AuthorBerman, Mitchell N.

INTRODUCTION 68 I. BOSTOCK IN BRIEF 73 A. The Decisions Below 71 B. The Supreme Court Resolves 76 II. TORTURED TEXTUALISM 79 A. Ordinary Meaning 80 1. A First Pass 81 2. A Disanalogy Noted and Discarded 85 3. Litigation 86 4. Reception 91 B. Counterfactual Confusions 98 1. On Motivational and Non-Motivational Causation 99 2. On Not Changing "One Thing at a Time" 101 3. Why This Way Rather than That Way? 103 4. Of Bisexuals and Pansexuals 108 5. The Root of the Problem 108 6. Possible worlds and the principle of conservation in motivational analysis 111 C. And Gender Identity ? 116 III. OF PURPOSES AND PLURALISM 120 CONCLUSION 125 INTRODUCTION

In Bostock v. Clayton County, (1) the Supreme Court held that federal antidiscrimination law prohibits employment discrimination on grounds of sexual orientation and gender identity. (2) Writing for a majority that included Chief Justice John Roberts and the four liberals, Justice Neil Gorsuch reasoned that that's just what Title VII's "meaning" requires. Justices Clarence Thomas, Samuel Alito, and Brett Kavanaugh dissented in two separate opinions, one calling Justice Gorsuch's reading of the text "preposterous." (3) Bostock was a landmark event for lesbian, gay, and transgender people, and a powerful blow for greater social justice. Many pundits and commentators think itjust as important for what it reveals about statutory interpretation on the Roberts Court. (4)

Most commentators from the legal academy and mainstream media believe the Court reached the right result. (5) So if Justice Gorsuch's textualist approach to statutory interpretation gets you there, well, that's one big point for textualism--and for Justice Gorsuch too. Professor Michael Dorf proclaimed Justice Gorsuch's opinion "[m]agnificent" and wondered why it wasn't unanimous. (6)

Professor Tara Grove channeled a common reaction when observing, in a comment on the decision published in the Harvard Law Review's Supreme Court issue, that Bostock's "result may be reason enough to reexamine some assumptions about textualism." (7) Popular commenta-1 from both sides of the aisle claimed that Bostock showed that textualism could be applied neutrally, and at times deliver liberal results. (8)

But if Justice Gorsuch's opinion won plaudits from many conservatives and liberals alike, at least some conservatives demurred. Professors Josh Blackman and Randy Barnett declared themselves "surprised and disappointed" by Justice Gorsuch's "halfway textualism," (9) while Professor Nelson Lund derided the majority opinion as an "analytically untenable" and "outlandish judicial performance," one whose "application of textualist principles is fatally flawed." (10) The junior Senator from Missouri, a former Roberts clerk, denounced Bostock as "represent[ing] the end of the conservative legal movement." (11) "[I]f textualism and originalism gives [sic] you this decision," he charged, then "those phrases don't mean much at all." (12)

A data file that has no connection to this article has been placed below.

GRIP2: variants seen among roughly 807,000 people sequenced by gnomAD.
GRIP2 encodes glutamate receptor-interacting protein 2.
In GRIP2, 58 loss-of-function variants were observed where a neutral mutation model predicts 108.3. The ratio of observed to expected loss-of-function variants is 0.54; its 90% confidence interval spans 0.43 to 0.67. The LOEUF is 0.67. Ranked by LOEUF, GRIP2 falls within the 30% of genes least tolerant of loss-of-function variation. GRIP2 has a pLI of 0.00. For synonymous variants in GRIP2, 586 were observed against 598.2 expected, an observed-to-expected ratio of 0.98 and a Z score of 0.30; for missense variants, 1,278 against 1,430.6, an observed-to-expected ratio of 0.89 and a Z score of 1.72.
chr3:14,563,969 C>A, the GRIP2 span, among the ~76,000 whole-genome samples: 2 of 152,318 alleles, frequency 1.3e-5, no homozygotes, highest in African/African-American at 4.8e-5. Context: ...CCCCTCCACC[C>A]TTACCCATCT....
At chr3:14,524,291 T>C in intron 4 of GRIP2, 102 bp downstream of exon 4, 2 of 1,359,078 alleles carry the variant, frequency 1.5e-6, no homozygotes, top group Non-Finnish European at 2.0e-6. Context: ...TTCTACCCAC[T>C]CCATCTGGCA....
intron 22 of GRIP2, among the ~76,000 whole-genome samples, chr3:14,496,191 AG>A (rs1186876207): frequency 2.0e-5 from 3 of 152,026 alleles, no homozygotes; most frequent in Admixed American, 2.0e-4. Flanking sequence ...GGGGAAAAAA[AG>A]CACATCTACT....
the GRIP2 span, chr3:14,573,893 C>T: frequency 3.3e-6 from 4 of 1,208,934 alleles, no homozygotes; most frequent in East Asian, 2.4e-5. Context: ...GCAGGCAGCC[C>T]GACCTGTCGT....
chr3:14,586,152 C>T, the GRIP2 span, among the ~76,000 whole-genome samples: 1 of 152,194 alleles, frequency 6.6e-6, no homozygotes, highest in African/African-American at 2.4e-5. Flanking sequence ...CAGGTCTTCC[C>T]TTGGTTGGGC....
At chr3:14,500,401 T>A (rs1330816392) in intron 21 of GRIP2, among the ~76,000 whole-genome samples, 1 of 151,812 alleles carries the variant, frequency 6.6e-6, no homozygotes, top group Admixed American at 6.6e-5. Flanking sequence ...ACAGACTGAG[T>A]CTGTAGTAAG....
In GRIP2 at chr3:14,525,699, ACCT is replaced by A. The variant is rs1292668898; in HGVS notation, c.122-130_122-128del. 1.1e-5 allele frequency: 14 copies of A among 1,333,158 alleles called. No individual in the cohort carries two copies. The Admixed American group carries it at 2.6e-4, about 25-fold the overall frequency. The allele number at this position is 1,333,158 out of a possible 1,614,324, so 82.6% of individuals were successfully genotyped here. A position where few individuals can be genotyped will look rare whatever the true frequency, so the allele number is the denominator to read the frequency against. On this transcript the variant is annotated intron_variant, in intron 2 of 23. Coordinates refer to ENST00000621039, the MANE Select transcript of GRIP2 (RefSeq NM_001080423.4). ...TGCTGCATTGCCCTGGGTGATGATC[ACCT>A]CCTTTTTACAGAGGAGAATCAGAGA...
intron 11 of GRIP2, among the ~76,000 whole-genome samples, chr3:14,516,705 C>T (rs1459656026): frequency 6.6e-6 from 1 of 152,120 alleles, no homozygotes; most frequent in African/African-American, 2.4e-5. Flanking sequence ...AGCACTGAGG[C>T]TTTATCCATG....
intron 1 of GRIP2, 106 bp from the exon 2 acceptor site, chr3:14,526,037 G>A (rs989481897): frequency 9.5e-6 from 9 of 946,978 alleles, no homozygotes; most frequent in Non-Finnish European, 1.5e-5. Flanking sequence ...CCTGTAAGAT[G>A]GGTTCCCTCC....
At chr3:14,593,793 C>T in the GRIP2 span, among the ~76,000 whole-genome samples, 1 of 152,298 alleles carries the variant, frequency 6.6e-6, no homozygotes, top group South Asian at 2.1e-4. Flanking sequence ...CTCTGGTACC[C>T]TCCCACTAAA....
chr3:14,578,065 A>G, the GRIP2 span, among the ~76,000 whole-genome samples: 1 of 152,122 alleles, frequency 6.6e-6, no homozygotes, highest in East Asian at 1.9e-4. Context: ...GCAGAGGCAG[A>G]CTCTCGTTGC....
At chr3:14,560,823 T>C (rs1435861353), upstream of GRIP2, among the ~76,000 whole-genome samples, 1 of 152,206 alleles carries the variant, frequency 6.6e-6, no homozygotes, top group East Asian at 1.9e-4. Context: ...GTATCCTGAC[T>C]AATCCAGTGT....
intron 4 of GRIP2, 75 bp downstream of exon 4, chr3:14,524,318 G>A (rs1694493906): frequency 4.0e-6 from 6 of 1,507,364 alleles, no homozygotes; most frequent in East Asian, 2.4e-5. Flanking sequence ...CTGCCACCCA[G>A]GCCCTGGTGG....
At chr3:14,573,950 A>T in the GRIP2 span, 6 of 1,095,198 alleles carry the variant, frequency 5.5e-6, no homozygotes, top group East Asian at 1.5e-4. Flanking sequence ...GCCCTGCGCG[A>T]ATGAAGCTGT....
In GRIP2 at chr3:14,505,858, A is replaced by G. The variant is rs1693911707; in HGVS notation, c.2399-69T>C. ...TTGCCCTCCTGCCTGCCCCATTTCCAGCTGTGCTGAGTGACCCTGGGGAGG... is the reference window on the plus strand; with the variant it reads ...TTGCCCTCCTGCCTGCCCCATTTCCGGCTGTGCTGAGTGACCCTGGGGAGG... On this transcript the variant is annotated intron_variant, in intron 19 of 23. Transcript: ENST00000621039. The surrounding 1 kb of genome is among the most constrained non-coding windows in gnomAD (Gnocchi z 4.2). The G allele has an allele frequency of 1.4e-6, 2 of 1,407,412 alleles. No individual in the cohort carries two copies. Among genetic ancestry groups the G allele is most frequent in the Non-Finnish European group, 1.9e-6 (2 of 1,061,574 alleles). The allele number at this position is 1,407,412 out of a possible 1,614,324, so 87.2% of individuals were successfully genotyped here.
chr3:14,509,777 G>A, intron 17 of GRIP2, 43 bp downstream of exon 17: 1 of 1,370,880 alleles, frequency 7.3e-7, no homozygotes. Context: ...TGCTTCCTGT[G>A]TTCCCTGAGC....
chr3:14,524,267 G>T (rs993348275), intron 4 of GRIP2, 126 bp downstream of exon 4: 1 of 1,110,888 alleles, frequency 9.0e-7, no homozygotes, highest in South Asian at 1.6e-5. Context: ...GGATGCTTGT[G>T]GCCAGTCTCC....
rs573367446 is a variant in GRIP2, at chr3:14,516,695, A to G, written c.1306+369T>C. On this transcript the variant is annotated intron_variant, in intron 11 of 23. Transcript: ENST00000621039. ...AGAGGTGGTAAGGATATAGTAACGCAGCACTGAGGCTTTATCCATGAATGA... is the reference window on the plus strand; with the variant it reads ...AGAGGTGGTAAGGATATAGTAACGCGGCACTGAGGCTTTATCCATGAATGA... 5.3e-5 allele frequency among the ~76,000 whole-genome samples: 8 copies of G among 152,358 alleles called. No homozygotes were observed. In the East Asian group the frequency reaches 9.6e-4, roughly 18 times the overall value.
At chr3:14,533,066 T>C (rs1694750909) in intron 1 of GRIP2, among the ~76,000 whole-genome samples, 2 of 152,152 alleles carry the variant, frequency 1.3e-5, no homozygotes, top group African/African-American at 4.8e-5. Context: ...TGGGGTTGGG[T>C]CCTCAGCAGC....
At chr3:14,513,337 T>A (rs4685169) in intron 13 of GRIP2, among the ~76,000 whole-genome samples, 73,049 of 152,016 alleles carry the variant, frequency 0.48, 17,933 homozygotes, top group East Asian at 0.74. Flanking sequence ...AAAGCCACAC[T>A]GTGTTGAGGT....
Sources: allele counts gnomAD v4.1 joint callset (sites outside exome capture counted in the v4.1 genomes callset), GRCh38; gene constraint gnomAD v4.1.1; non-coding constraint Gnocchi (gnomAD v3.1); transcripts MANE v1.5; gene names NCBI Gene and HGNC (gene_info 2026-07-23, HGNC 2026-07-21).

The debate over the textualist bona fides of Bostock is important and far-reaching. (13) To start, many difficult and significant questions remain regarding the scope of Title VII itself, in relation not only to sex discrimination but also to discrimination "because of race, color, religion, or national origin. (14) Indeed, commentators are already debating Bostock's implications for challenges to affirmative action university admissions programs under Title VII. (15) Furthermore, particular statutes and disputes aside, there remains the overarching need to better understand textualism and its place in the Court's general jurisprudence and interpretive methodology. (16)

We think the textualist critics of the Bostock opinion are largely right: textualism and originalism do mean something, and they do not license the results that Justice Gorsuch reached in Bostock regarding sexual orientation discrimination. (We believe that the Court's holding regarding transgender identity was defensible on textualist premises, and will explain the difference between the cases.) (17) But, unlike these critics, we don't start from the premise that textualism is correct. There are good reasons to conclude that the result in Bostock was right--legally correct, not (only) morally. If those reasons are persuasive, then so much the worse for textualism.

The Article unfolds over three parts. Part I reviews the facts and opinions in Bostock. Part II mounts our critique of Justice Gorsuch's opinion. That critique has two components. First, we contend that the dissents were correct that the statutory ban on "discriminat[ion]... because of [an] individual's... sex" (18) does not cover discrimination taken by reason of a person's sexual orientation as a matter of ordinary meaning or common parlance. Second, we argue that the statutory phrase also does not cover discrimination by reason of sexual orientation when given the "technical" legal meaning that Justice Gorsuch would assign it, (19) namely one that interprets "because of as incorporating but-for causation. (20) Simply put, Justice Gorsuch reached his conclusion that Bostock's sex was a but-for cause of his firing by operationalizing the but-for test in an illicit manner, one that violates fundamental constraints on counterfactual reasoning. Our demonstration that the Bostock result was not truly reachable via Justice Gorsuch's purportedly textualist route is this Article's most important and original contribution. If correct, it renders unavailable the happy outcome that many readers of Bostock seemed eager to embrace--that you could have ruled for the Bostock plaintiffs and be a good textualist too.